“I was actually looking to purchase some [healthcare headbands] online, but because she was upcycling and working with scrunchies, I asked her if she could possibly make some and she did it really well,” Hofschneider said. “She was very accommodating and eager to try new things.”
Since then, Shreedar has expanded her product range to include “healthcare headbands,” as well as propagated plants and dog bandanas.
Shreedar first began Upcycling by Pri in July, and in just two months she has shipped orders all over California, Oregon and even Maine. Shreedar says that even in the short time she has been doing this, she has gained a new perspective on what it means to be a small business.
“Every time somebody buys something I do a little happy dance,” Shreedar said. “I think it [has] really made me appreciate buying from other small businesses and realizing how big of an impact you’re actually having on that person’s day. When you get a sale in, it’s very different than if you go to Forever21 and buy a scrunchie there. It’s someone sitting at their desk and when they check their phone […] and somebody [has] ordered something, they’re going to remember your name.”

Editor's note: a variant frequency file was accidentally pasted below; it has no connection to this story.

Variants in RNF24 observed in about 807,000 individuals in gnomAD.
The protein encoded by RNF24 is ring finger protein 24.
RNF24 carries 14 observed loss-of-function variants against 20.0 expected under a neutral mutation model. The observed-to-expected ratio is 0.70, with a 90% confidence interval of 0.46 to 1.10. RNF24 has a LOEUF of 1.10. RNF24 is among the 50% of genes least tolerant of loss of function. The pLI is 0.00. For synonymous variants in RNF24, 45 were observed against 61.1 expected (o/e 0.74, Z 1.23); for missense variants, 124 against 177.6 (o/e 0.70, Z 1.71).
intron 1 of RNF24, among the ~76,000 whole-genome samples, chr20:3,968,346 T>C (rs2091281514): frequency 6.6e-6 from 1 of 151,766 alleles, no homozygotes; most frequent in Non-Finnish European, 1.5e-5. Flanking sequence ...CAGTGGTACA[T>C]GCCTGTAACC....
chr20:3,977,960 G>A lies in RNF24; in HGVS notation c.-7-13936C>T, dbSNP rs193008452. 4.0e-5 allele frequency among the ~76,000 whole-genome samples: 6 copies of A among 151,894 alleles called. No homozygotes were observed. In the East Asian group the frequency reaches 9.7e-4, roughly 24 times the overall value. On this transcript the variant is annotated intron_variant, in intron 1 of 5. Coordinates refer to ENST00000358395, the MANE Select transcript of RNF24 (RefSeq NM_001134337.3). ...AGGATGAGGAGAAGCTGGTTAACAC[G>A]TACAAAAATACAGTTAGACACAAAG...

Shreedar is committed to getting to know her customers. She makes sure the fabric of the scrunchie compliments the buyer’s hair type, keeps them updated on her progress and allows them to customize their orders. Loren Estrada, a UC Davis graduate, said Shreedar’s commitment to her customers was memorable.
“I feel like it’s really unique with small businesses where they send you pictures as they go throughout the production process.” Estrada said. “I got to customize even like the threads for the embroidery and she sent me an update after she did the first scrunchie. She even made a tiny bandana for [my pet] snake.”
In addition to her focus on customers, Shreedar is also committed to running Upcycling by Pri as a sustainable business. Even before she started her business, Shreedar was passionate about sustainability in her personal life, which she largely attributes to the culture of Davis.